"No, we certainly didn't anticipate the reaction," Takeuchi said. "We think it was a bit of a misunderstanding when we published the first images of the game back in the day. And we think that as we move along and allow people to see more the game and more of what's going on and more of the story, people will get a better idea of the game." nope
Consumers and gaming journalists alike have offered criticism of the trailer following its debut almost a year ago. Last April, Newsweek tech editor N'Gai Croal said that the trailer contained imagery which was "dovetailed with classic racist imagery."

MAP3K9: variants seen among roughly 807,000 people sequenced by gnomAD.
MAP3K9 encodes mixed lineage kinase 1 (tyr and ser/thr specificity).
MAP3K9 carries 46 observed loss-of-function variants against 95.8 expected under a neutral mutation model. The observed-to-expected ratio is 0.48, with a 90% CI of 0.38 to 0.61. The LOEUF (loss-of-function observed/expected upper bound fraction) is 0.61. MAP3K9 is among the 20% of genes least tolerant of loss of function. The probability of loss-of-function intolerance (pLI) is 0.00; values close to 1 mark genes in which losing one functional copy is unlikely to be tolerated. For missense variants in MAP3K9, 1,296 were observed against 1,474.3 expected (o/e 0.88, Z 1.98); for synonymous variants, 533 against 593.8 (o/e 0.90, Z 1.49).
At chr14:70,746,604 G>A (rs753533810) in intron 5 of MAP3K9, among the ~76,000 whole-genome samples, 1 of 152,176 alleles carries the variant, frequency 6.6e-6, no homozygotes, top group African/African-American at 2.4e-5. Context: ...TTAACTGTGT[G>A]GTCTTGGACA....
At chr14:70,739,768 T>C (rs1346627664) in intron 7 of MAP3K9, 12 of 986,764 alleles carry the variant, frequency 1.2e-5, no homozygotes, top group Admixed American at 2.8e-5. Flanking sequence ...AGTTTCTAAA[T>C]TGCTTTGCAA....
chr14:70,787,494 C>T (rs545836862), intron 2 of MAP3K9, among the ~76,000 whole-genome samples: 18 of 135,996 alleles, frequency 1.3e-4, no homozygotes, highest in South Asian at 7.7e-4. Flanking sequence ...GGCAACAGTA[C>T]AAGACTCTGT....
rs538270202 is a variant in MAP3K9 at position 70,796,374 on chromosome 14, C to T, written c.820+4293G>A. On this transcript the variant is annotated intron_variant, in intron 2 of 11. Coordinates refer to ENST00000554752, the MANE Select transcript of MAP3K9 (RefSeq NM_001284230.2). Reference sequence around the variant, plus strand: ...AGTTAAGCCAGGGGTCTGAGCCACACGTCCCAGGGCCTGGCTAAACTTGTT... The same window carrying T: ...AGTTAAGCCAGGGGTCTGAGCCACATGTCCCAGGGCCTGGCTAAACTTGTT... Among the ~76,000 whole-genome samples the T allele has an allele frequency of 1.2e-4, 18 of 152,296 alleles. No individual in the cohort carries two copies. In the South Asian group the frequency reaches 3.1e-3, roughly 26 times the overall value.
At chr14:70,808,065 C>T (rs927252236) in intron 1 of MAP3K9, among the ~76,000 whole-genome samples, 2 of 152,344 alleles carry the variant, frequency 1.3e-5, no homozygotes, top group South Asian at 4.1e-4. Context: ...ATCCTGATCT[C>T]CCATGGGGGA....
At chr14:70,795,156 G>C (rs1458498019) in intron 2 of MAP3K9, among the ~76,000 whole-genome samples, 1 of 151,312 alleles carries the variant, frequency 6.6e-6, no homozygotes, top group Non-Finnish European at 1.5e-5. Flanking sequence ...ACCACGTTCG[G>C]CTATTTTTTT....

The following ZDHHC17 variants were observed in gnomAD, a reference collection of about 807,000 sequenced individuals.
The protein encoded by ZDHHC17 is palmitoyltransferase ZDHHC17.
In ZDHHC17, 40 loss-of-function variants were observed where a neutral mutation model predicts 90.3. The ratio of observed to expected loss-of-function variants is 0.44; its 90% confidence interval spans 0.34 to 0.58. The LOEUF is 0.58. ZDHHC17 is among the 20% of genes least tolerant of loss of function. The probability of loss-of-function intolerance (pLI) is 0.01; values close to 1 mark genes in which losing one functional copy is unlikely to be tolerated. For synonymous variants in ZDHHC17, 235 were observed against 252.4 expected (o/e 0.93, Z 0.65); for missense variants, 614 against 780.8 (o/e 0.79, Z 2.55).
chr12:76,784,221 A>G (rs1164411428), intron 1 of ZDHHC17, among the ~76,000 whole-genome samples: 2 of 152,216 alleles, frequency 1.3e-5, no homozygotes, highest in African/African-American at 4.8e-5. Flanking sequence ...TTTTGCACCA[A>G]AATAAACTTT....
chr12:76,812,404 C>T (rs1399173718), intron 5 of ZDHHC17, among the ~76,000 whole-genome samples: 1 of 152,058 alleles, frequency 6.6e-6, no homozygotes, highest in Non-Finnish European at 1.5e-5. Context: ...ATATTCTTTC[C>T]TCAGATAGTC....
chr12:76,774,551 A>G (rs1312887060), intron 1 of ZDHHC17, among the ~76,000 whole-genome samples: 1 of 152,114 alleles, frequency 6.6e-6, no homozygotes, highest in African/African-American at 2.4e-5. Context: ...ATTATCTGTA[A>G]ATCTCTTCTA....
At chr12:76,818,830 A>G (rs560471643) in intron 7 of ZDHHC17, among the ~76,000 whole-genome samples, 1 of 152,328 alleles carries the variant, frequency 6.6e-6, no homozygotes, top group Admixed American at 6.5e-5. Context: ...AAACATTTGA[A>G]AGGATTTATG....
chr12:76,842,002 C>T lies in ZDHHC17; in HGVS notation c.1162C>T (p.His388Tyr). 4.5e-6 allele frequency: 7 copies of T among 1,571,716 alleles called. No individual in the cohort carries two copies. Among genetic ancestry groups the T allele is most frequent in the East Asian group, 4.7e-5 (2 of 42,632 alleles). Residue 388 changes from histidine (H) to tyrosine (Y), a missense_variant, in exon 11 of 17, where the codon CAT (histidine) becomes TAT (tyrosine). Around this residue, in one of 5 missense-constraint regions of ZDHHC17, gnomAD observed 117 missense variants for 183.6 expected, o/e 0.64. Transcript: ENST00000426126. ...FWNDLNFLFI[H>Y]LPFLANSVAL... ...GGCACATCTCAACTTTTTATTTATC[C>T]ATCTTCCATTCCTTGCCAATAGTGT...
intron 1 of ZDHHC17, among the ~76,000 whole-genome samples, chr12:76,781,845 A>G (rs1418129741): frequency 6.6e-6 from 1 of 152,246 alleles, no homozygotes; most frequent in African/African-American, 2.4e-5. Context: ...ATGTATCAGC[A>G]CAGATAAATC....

"There are black members in the development team," Takeuchi offered. "We do have staff working on the game, who are aware of the historical background and we are constantly checking these kinds of things with them. Certainly the most important thing we have learned is that different countries do see the same things in different ways."
Takeuchi previously stated that Resident Evil 5 saw no major changes following the initial reaction. Having played the game at E3, however, Shacknews can attest that the latest build of the game features a much more racially diverse roster of enemies.
"I think it's very important as we go along and start other projects to learn from other countries and learn from other companies who are working in the video game and entertainment sectors, learn from their experiences, and not have the same problems again," the producer concluded.
"We're not out to make anything to deliberately shock anyone, so I think we can take a couple of lessons away from this experience."